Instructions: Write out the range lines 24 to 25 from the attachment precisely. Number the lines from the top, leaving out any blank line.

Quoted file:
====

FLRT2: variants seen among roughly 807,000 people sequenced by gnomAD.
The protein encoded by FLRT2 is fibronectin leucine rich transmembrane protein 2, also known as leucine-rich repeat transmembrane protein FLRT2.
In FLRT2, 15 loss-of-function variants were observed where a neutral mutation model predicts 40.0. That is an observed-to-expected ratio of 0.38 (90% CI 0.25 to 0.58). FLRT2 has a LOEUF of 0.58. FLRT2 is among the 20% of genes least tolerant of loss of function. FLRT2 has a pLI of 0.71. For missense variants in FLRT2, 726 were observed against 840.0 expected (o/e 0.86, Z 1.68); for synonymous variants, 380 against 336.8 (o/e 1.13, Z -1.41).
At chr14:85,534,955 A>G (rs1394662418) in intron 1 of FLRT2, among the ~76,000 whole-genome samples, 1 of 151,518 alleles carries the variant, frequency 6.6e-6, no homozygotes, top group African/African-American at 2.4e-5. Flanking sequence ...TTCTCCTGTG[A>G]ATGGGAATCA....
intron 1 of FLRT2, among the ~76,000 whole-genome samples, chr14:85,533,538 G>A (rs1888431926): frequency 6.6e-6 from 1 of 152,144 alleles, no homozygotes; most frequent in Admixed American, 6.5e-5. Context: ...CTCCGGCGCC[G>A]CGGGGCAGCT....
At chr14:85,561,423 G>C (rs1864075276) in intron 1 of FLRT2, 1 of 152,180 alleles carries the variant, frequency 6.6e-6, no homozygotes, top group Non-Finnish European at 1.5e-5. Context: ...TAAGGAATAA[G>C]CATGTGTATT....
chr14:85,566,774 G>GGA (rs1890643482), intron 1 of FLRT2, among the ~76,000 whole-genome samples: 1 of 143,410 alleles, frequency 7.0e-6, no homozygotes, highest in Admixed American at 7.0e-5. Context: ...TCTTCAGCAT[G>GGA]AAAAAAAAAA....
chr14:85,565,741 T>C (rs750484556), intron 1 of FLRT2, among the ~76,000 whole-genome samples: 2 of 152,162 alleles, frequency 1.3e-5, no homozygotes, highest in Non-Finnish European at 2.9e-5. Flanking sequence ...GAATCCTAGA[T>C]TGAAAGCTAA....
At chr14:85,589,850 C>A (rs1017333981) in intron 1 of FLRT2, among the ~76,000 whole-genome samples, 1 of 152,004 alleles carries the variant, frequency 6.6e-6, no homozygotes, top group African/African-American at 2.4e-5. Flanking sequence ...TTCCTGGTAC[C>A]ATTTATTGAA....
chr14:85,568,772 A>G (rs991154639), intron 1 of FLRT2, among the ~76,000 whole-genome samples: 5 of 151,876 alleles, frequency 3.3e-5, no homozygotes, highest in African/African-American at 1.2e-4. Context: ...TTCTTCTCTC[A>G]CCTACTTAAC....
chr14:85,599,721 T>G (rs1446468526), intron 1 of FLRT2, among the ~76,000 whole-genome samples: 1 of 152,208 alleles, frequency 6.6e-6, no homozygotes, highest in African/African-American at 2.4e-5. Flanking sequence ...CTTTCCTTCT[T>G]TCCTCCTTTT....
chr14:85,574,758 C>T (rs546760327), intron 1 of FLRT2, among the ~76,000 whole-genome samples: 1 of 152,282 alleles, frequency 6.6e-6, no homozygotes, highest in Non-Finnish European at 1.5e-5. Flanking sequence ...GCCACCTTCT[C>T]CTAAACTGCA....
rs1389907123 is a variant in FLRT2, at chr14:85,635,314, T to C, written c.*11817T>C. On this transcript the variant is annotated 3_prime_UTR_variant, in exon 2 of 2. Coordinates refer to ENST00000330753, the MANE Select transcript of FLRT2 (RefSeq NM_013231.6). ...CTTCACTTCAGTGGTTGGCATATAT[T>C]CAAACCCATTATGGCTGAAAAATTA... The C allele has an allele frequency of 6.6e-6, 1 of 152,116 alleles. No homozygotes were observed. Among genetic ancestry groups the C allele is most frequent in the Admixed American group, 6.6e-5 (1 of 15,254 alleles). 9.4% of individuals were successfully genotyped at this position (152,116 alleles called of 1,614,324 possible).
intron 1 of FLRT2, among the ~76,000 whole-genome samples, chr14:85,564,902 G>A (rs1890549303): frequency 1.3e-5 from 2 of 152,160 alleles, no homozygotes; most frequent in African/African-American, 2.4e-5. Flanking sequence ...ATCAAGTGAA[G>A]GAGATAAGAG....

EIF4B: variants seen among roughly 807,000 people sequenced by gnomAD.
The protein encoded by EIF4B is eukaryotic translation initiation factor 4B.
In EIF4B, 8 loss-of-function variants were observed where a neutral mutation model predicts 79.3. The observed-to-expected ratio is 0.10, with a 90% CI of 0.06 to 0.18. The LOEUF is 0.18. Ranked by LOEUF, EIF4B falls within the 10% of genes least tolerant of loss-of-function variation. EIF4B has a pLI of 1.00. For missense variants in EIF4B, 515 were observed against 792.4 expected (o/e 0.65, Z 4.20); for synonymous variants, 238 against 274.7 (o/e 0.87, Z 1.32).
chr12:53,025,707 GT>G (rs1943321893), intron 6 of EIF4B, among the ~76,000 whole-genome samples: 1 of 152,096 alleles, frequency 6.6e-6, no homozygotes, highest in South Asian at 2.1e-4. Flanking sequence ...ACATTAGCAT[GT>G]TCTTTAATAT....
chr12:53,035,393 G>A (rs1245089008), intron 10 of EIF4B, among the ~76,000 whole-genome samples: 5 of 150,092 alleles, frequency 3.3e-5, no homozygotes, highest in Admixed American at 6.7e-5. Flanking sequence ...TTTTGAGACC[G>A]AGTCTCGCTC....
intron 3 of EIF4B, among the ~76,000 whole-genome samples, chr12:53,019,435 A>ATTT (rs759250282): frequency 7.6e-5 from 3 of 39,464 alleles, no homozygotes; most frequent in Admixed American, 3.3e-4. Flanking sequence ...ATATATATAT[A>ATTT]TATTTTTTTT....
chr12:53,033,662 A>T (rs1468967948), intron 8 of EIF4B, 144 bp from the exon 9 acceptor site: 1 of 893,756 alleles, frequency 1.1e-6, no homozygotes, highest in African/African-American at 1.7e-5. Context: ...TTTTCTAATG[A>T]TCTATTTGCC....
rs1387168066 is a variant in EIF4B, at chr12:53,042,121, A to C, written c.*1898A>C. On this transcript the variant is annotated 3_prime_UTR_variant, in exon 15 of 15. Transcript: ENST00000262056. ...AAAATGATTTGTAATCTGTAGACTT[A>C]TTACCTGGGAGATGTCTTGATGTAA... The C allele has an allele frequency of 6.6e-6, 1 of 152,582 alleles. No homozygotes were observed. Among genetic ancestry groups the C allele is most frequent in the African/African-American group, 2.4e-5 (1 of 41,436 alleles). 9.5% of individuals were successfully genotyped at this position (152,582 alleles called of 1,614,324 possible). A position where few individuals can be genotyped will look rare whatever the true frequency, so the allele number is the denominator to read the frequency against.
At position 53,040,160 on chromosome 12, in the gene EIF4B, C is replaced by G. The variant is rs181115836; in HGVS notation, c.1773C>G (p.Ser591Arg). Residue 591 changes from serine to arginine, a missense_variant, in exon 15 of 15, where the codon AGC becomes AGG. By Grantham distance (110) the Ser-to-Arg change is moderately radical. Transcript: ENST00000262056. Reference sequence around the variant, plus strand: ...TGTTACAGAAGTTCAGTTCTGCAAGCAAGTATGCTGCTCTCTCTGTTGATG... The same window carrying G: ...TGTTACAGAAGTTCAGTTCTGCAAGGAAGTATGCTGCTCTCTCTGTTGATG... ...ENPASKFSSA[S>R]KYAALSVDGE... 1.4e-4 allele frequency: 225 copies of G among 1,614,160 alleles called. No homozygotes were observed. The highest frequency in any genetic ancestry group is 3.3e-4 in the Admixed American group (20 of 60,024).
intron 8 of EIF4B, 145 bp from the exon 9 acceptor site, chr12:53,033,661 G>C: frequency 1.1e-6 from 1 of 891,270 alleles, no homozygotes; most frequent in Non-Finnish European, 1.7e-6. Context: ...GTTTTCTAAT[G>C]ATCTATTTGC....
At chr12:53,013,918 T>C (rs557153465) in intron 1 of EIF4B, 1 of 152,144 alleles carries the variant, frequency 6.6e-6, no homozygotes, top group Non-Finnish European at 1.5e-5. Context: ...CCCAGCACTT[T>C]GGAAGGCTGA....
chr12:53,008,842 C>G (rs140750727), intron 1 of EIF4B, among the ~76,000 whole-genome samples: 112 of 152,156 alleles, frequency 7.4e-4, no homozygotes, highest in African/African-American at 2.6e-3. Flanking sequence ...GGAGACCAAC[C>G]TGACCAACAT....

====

intron 8 of EIF4B, 145 bp from the exon 9 acceptor site, chr12:53,033,661 G>C: frequency 1.1e-6 from 1 of 891,270 alleles, no homozygotes; most frequent in Non-Finnish European, 1.7e-6. Context: ...GTTTTCTAAT[G>C]ATCTATTTGC....
At chr12:53,013,918 T>C (rs557153465) in intron 1 of EIF4B, 1 of 152,144 alleles carries the variant, frequency 6.6e-6, no homozygotes, top group Non-Finnish European at 1.5e-5. Context: ...CCCAGCACTT[T>C]GGAAGGCTGA....